A fine example of this genre is KPC pal M.G.'s piece on shale oil. I'm pretty sure this would embarrass the Times reporter, if the Times reporter were capable of embarrassment (meaning, he couldn't be a Times reporter, I guess). The Times keeps firing its "public editor," who is supposed to be their conscience. I don't think the current public editor is long for this world, if he is going to commit actual journalism like this.

Don't Want Those Third Parties "Spoiling" Elections!

Utah may decide to go with IRV to avoid "spoiling" elections.


(Nod to the Bishop, who has spoiled a lot of elections all by himself)

I don't fault the police, 'cause the people that run 'em, got 'em on a short leash

The strange thing is that people want to blame the police for this. Cops shut down a lemonade stand being run by 10 year old girls. Excerpt:

“They told us to shut it down [and we didn't know why],” 10-year-old Skylar Roberts said.

“We had told them, we understand you guys are young, but still, you’re breaking the law, and we can’t let you do it anymore. The law is the law, and we have to be consistent with how we enforce the laws,” Midway Police Chief Kelly Morningstar said.

By a city ordinance, the girls must have a business license, peddler’s permit, and food permit to set up shop, even on residential property. The permits cost $50 a day and a total of $180 per year. City officials said it’s their job to keep everyone safe and healthy, and there can be no exceptions to the rules.

“We were not aware of how the lemonade was made, who made the lemonade, of what the lemonade was made with, so we acted accordingly by city ordinance,” Chief Morningstar said.

“It’s almost like they don’t have anything better to do. I’m going to let it go. I’m trying to teach them good. I don’t think if I keep on, it’ll teach them a good thing,” Amy Roberts said.

So the law wins, and what started out as three girls’ dream of a fun summer business is now just a piece of plywood.

This REALLY makes me mad. All you folks who constantly want more rules, more laws, more government intrusion in our lives are the first say, "Awwww, that's not right!" when the police actually try to enforce the law. In fact, the reporter actually says, "So the law wins..." Um...that's what the law DOES, ma'am. The political law of the U.S. is a set of arbitrary, intrusive rules backed by overwhelming, irresistible physical force. It is the unavoidable implication of the corrupt bargain made by those who think the alternative to coercive law is the Hobbesian state of nature. Letting people make their own choices is just not an option to you folks. So enjoy your police state, and STFU.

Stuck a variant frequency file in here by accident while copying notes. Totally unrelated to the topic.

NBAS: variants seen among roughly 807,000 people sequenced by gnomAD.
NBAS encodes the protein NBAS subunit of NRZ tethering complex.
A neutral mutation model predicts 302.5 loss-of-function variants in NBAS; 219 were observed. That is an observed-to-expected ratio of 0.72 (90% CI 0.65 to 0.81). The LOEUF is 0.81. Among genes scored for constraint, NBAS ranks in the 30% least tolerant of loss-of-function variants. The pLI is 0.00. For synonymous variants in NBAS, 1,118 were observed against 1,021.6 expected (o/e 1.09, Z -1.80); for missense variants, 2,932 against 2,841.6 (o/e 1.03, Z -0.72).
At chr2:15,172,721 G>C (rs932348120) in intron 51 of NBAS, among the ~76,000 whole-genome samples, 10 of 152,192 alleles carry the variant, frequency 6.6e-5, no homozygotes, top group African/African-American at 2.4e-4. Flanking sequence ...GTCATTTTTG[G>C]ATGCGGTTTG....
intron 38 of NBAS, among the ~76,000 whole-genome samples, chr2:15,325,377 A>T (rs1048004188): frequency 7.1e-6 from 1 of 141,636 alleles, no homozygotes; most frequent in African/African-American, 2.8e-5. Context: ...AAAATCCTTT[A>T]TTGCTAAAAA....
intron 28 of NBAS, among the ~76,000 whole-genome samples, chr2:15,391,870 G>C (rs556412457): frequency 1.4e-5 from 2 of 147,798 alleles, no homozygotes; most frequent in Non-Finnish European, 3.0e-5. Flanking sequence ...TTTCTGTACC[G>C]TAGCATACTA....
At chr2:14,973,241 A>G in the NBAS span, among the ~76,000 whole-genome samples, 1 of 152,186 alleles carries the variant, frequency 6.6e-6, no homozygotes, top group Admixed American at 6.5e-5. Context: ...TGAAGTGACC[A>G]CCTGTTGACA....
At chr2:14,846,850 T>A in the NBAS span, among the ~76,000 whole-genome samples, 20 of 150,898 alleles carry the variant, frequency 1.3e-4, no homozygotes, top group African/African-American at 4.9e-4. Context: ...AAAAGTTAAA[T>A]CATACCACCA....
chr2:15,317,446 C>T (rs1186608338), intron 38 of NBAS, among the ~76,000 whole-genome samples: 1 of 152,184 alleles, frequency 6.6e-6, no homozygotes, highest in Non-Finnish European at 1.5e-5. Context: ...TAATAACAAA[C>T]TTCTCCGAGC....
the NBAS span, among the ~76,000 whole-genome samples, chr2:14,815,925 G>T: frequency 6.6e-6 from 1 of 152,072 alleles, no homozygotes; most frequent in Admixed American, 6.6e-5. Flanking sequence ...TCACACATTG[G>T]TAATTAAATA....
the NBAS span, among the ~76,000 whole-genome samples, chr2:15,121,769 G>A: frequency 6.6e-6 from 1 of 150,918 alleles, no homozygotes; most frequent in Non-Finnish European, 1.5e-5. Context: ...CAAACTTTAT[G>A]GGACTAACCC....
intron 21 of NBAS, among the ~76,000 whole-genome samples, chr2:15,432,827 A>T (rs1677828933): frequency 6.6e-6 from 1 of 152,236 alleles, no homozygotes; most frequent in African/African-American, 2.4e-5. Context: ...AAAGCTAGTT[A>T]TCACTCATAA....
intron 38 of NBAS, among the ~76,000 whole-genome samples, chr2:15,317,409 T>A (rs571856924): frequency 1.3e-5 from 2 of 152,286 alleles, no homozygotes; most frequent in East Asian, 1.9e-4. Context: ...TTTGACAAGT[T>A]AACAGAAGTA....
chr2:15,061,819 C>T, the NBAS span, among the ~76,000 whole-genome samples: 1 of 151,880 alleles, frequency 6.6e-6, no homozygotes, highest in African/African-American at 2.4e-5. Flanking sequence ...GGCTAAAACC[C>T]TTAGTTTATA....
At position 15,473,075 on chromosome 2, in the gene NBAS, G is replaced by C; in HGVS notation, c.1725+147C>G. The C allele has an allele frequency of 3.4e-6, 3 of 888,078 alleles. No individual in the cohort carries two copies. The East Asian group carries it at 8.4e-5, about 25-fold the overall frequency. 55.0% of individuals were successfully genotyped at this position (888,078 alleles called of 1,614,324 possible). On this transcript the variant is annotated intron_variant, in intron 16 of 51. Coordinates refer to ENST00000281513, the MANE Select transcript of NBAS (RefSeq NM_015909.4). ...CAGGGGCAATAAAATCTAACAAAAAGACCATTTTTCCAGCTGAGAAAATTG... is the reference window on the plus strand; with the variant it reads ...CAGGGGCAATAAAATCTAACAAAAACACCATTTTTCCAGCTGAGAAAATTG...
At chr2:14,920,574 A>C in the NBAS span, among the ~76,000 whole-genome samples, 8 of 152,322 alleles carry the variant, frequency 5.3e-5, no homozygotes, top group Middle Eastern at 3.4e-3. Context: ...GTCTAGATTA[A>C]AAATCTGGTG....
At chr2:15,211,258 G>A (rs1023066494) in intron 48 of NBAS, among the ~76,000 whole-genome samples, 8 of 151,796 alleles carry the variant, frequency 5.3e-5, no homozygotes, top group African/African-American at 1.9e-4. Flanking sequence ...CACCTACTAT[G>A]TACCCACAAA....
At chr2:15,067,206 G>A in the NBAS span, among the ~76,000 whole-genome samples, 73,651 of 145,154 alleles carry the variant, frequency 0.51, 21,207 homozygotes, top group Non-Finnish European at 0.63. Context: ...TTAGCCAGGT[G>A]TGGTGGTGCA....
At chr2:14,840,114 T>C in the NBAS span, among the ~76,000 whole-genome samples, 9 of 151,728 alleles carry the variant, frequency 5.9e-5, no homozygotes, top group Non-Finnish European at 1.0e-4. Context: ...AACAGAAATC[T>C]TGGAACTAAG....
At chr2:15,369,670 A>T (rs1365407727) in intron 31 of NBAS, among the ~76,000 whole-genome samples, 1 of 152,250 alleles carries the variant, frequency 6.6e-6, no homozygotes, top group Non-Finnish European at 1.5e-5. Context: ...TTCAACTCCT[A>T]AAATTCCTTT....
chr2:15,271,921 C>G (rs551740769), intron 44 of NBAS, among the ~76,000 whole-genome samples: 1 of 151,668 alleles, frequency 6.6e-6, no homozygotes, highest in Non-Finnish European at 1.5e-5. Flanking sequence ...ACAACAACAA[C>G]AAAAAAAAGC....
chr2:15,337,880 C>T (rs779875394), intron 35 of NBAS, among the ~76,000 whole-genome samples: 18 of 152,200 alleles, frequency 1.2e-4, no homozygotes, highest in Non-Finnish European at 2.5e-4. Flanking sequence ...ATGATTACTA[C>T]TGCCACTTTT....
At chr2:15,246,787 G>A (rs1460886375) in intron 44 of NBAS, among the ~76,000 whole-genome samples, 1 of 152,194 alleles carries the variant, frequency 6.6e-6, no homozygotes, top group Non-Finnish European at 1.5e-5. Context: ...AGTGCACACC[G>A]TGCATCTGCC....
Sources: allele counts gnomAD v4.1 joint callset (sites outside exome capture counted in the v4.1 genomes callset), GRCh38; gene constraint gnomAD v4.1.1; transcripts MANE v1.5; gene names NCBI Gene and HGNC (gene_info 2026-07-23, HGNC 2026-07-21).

Look, as I have written before, Chief Morningstar is right: she can't just suspend the law. The thing, the thing itself is the abuse. People who try, like this goofball, to blame the police are just mistaken. Police do not have, and should not have, discretion. It's a violation of equal protection, and in fact a violation of the very idea of rule of law, for the police to say "The law applies to you, but not to you over there."

Then what IS the solution? Get rid of about 3/4 of the stupid rules on the books. These licenses, fees, and paperwork are an important cause of extended unemployment problems.

Corporate Avenger has this pretty much right, I think. I don't fault the police. 'Cause the people that run 'em got 'em on a short leash. (Definitely NSFW, and extremely harsh. Don't watch it if you are a pussweiler)

The money quote from the video:

A society that incarcerates its own population for any minor infraction where there is 100's upon 1000's of pages and pages of laws and reason for the district attorney and the local jurisdiction and the justice system to put its entire force to removing an individual from his family connection...
Enforce rules made by fools
Violence and fear their tools,